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Publication numberUS20080300086 A1
Publication typeApplication
Application numberUS 11/658,164
PCT numberPCT/GB2005/002956
Publication dateDec 4, 2008
Filing dateJul 28, 2005
Priority dateJul 30, 2004
Also published asDE602005025489D1, US7708665
Publication number11658164, 658164, PCT/2005/2956, PCT/GB/2005/002956, PCT/GB/2005/02956, PCT/GB/5/002956, PCT/GB/5/02956, PCT/GB2005/002956, PCT/GB2005/02956, PCT/GB2005002956, PCT/GB200502956, PCT/GB5/002956, PCT/GB5/02956, PCT/GB5002956, PCT/GB502956, US 2008/0300086 A1, US 2008/300086 A1, US 20080300086 A1, US 20080300086A1, US 2008300086 A1, US 2008300086A1, US-A1-20080300086, US-A1-2008300086, US2008/0300086A1, US2008/300086A1, US20080300086 A1, US20080300086A1, US2008300086 A1, US2008300086A1
InventorsJonathan Charles Wheals
Original AssigneeJonathan Charles Wheals
Export CitationBiBTeX, EndNote, RefMan
External Links: USPTO, USPTO Assignment, Espacenet
Variable Torque Biasing Device
US 20080300086 A1
Abstract
Various embodiments of a torque biasing device for a rotating transmission are disclosed, and which are operable to vary the proportion of the outer torque transmitted to one or more output shafts. Multiple planetary gear sets are provided for speeding-up or slowing-down of ore shaft with respect to another, under the control of a computer. The invention is particularly applicable to motor vehicles.
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Claims(15)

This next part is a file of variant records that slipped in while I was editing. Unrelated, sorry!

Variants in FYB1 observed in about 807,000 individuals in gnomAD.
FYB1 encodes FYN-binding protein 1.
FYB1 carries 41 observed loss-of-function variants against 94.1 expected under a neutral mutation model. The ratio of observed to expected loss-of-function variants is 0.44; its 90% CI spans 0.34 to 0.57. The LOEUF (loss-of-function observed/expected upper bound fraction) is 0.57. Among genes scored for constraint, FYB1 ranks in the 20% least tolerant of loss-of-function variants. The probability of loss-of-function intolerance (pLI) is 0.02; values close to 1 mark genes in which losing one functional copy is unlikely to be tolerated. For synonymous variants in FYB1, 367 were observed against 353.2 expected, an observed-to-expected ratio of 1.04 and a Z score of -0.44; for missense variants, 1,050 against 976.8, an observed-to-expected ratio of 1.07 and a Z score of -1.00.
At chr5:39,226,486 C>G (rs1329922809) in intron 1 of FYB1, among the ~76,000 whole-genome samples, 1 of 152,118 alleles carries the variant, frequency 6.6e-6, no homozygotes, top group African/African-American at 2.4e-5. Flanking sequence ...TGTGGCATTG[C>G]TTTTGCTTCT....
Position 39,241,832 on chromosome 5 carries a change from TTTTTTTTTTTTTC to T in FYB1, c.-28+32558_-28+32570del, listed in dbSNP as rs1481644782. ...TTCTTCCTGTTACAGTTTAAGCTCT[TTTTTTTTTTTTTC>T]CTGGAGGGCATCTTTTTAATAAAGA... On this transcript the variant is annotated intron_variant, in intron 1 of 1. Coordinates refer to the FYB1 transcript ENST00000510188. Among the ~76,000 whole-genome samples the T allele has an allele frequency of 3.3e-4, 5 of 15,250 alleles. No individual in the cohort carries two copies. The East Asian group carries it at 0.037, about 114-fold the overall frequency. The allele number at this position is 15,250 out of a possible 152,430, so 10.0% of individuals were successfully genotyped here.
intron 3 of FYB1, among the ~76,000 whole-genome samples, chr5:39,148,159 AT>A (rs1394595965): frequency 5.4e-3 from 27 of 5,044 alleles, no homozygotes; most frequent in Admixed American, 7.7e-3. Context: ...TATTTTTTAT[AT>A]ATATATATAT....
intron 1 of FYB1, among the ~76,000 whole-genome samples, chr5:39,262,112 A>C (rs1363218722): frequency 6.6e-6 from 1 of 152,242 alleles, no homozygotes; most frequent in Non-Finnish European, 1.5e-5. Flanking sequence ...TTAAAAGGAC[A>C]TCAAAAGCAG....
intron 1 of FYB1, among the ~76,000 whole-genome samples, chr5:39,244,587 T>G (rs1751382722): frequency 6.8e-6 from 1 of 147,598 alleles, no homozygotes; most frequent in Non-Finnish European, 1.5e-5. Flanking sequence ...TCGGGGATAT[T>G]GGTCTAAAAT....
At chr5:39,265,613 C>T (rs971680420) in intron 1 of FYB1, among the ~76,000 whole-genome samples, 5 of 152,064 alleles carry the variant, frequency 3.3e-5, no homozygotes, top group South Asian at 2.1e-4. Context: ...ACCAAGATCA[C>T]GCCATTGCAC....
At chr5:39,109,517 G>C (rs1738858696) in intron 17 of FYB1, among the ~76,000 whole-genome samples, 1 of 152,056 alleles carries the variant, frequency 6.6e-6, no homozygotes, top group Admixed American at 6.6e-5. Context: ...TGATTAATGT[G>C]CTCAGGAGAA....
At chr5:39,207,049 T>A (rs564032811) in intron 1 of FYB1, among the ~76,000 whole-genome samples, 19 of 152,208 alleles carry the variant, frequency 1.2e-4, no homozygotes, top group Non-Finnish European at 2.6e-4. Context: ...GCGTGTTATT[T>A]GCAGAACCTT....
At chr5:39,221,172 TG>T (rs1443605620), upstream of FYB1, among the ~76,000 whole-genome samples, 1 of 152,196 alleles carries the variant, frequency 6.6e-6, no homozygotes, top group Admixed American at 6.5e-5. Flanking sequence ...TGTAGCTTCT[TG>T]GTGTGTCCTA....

1. A torque biasing unit for a motor vehicle and having an input, two outputs, and therebetween an epicyclic differential module adapted to distribute torque from the input to the outputs, the unit further comprising a gear module and a control module, said gear module comprising epicyclic gear trains side by side and having a common planet carrier, the gear module being operatively connected to The planet carrier of said differential module, and said control module being adapted to increase and decrease the speed of the planet carrier of said gear module to bias the differential module to provide more torque to one of said outputs than to the other, wherein said differential module, gear module and control module have a common axis of rotation, and are arranged in axial series with the gear module centermost.
2. A unit according to claim 1 wherein said epicyclic differential module comprising an annulus connected to said input, a sun connected to one of said outputs and a planet carrier connected to the other of said outputs, said planet carrier having double planets operative in series between said annulus and sun, and wherein said gear module comprises two epicyclic gear trains side by side and having suns joined for rotation in common, one annulus of the gear module being connected to the planet carrier of said differential module, and the other annulus of the gear module being connected to one of said outputs.
3. A unit according to claim 2 whereas one of said outputs is a shaft, and the suns of said gear module are co-axial therewith.
4. A unit according to claim 3 wherein the sun of said differential module is co-axial with said suns of said gear module.
5. A unit according to claim 3 wherein the other of said outputs is a shaft, and said outputs are co-axial.
6-10. (canceled)
11. A unit according to claim 4 wherein the other of said outputs is a shaft, and said outputs are co-axial.